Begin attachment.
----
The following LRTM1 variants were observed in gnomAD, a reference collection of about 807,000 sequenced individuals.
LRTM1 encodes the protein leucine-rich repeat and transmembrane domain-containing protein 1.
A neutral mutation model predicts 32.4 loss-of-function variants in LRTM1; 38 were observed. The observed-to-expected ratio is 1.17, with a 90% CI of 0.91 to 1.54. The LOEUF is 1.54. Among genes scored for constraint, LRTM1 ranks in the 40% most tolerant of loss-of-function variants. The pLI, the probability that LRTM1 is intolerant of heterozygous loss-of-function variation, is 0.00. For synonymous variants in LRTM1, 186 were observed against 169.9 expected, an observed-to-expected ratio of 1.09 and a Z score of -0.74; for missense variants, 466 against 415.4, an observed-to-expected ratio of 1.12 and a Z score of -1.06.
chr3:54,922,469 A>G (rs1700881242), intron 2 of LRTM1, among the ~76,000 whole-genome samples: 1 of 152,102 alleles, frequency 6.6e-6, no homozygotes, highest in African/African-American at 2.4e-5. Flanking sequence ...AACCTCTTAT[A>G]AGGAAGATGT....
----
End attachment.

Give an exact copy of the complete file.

The following LRTM1 variants were observed in gnomAD, a reference collection of about 807,000 sequenced individuals.
LRTM1 encodes the protein leucine-rich repeat and transmembrane domain-containing protein 1.
A neutral mutation model predicts 32.4 loss-of-function variants in LRTM1; 38 were observed. The observed-to-expected ratio is 1.17, with a 90% CI of 0.91 to 1.54. The LOEUF is 1.54. Among genes scored for constraint, LRTM1 ranks in the 40% most tolerant of loss-of-function variants. The pLI, the probability that LRTM1 is intolerant of heterozygous loss-of-function variation, is 0.00. For synonymous variants in LRTM1, 186 were observed against 169.9 expected, an observed-to-expected ratio of 1.09 and a Z score of -0.74; for missense variants, 466 against 415.4, an observed-to-expected ratio of 1.12 and a Z score of -1.06.
chr3:54,922,469 A>G (rs1700881242), intron 2 of LRTM1, among the ~76,000 whole-genome samples: 1 of 152,102 alleles, frequency 6.6e-6, no homozygotes, highest in African/African-American at 2.4e-5. Flanking sequence ...AACCTCTTAT[A>G]AGGAAGATGT....